Equity Capital Associates, a South Carolina Generalpartnership, Plaintiff-appellant, v. Security Mortgage Corporation; Gaston Federal Savings Andloan Association; Heritage Federal Savings and Loanassociation; Davidson Federal Savings and Loan Association;united Savings and Loan Association; Newberry Federalsavings and Loan Association; Cherryville Federal Savingsand Loan Association; First Federal Savings and Loanassociation of Darlington; Resolution Trust Corporation,defendants-appellees.equity Capital Associates, a South Carolina Generalpartnership, Plaintiff-appellee, v. Security Mortgage Corporation; Gaston Federal Savings Andloan Association; Heritage Federal Savings and Loanassociation; Davidson Federal Savings and Loan Association;united Savings and Loan Association; Newberry Federalsavings and Loan Association; Cherryville Federal Savingsand Loan Association; First Federal Savings and Loanassociation of Darlington; Resolution Trust Corporation,defendants-appellants, 981 F.2d 1250 (4th Cir. 1993)Annotate this Case
Argued: September 28, 1992Decided: December 16, 1992As Amended Jan. 25, 1993
Appeals from the United States District Court for the District of South Carolina, at Columbia. Joseph F. Anderson, Jr., District Judge. (CA-90-135-3-16)
ARGUED: Arthur Camden Lewis, Lewis, Babcock & Hawkins, Columbia, South Carolina, for Appellant.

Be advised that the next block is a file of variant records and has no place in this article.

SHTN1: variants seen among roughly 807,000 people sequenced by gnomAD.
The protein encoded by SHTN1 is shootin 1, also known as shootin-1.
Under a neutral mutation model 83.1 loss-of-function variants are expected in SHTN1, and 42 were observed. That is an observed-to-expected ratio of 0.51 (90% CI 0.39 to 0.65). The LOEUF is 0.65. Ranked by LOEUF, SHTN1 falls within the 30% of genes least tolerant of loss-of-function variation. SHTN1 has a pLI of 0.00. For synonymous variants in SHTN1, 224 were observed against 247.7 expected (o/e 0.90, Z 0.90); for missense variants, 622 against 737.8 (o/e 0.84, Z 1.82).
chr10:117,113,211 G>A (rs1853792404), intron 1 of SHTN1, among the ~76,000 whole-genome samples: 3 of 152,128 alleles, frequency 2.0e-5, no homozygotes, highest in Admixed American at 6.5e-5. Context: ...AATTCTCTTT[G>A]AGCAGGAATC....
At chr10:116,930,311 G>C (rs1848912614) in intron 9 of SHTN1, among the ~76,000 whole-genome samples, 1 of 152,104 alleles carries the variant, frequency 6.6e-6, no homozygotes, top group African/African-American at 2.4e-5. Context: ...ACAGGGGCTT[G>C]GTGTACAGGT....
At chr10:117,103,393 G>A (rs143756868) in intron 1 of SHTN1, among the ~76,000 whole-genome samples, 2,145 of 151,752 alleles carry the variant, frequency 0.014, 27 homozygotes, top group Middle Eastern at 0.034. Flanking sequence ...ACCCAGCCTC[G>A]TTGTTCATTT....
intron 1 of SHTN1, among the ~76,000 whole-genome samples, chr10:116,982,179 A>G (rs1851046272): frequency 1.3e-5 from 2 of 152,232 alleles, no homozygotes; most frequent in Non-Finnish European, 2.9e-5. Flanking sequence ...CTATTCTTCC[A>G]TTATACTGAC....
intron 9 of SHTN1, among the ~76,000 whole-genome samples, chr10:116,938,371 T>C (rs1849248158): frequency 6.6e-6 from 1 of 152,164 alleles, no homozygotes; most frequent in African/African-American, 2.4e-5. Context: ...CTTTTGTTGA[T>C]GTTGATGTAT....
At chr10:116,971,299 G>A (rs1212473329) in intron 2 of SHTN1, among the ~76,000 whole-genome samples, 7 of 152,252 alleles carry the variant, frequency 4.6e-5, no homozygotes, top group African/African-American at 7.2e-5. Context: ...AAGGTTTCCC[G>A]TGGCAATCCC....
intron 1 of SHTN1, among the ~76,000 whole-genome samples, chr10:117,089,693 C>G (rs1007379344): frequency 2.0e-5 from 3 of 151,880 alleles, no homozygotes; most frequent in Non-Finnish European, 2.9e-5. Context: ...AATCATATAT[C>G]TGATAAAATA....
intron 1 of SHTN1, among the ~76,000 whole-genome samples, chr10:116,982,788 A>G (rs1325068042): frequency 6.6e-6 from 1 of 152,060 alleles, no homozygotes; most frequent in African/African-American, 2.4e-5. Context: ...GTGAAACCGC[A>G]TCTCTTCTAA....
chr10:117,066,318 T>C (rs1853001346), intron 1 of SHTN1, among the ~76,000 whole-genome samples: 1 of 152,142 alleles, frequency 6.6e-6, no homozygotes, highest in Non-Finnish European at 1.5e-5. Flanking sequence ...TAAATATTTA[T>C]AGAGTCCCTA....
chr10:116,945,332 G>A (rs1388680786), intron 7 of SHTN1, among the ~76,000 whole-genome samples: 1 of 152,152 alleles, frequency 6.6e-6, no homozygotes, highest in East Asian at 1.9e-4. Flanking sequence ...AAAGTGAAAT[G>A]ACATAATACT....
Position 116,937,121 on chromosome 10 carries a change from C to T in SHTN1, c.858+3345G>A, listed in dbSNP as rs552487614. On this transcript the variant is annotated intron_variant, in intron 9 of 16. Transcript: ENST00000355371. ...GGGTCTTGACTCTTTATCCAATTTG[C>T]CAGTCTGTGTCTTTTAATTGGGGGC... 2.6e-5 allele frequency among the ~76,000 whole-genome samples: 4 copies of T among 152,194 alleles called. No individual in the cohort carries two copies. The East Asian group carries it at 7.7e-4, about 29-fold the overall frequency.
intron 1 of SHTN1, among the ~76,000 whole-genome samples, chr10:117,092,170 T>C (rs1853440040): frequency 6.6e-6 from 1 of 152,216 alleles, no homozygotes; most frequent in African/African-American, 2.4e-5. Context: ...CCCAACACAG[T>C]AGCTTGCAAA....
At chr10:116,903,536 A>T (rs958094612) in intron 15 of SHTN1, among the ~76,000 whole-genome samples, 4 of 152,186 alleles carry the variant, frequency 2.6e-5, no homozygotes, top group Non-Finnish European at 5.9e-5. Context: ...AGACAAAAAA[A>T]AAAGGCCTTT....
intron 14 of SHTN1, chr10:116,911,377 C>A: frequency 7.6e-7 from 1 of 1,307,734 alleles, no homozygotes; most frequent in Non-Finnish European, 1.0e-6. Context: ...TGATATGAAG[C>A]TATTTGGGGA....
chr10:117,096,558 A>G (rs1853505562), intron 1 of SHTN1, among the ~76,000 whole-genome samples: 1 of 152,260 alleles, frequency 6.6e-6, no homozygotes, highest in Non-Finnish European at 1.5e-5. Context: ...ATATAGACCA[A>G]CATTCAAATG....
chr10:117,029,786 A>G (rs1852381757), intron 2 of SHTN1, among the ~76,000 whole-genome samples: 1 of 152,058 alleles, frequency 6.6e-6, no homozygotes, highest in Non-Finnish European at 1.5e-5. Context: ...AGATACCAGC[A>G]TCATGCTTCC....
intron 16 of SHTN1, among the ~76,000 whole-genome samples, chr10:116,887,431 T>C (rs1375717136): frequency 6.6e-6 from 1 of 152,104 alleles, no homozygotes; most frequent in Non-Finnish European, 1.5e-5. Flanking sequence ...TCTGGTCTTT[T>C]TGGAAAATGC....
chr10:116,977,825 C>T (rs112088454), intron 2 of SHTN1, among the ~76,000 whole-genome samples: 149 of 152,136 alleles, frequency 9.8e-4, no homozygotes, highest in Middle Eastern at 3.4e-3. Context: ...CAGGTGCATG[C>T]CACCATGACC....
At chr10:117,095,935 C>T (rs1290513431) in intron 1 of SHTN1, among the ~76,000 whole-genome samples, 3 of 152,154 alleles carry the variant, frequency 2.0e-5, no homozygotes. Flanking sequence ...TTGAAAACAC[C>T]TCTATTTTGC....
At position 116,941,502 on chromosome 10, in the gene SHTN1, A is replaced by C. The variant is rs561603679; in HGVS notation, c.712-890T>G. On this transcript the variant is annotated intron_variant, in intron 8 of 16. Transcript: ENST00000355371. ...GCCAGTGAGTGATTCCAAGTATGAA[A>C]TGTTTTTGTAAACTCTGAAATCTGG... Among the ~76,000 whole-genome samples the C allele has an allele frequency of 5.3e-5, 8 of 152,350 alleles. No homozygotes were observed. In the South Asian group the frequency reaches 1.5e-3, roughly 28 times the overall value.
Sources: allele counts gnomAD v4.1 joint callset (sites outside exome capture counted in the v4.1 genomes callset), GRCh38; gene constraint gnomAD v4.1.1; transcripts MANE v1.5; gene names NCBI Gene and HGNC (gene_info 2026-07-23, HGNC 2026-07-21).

Robert E. Stepp, Glenn, Irvin, Murphy, Gray & Stepp, Columbia, South Carolina, for Appellees.
ON BRIEF: Belton T. Zeigler, Lewis, Babcock & Hawkins, Columbia, South Carolina, for Appellant.
Elizabeth Howard Simmons, Glenn, Irvin, Murphy, Gray & Stepp, Columbia, South Carolina, for Appellees.
Before POWELL, Associate Justice (Retired), United States Supreme Court, sitting by designation, and PHILLIPS and WILLIAMS, Circuit Judges.
Equity Capital Associates, a South Carolina general partnership ("ECA") appeals from a judgment rejecting its several related claims in tort and contract against a consortium of savings and loan institutions headed by Security Mortgage Corporation (collectively "Security" or "the lenders") growing out of a failed real estate venture in which ECA lost a substantial investment allegedly as a result of various acts of fraud and contract breach perpetrated by Security in conjunction with a loan commitment letter that it issued. We find no reversible error and affirm.
* This case arose from the failed effort of real estate developer William P. Charping to develop a 177-acre tract of land-ultimately to be called EastPort-on the Intracoastal Waterway near Little River, South Carolina. At the time the critical events leading to this lawsuit began, Charping had obtained a contract to buy the tract for just over $4 million and was seeking financing for its acquisition and development. Through the efforts of his then attorney, Edward G. Menzie, and Menzie's colleague, attorney David Whitener, a consortium of savings and loan institutions, headed by Security Mortgage Corporation, was put together for this purpose. In June 1986, Security issued a conditional loan commitment letter to Charping and his then wholly-owned corporation, ResortMaster, for a $7,800,000 acquisition and development loan (the A & D loan) to be used on the EastPort project. The letter required a $1 million equity participation by the borrower, and explicitly provided that the final loan documents might "impose material covenants, terms, conditions, obligations, or other requirements on the borrower and the guarantors in addition to, but not contrary to, those set forth herein."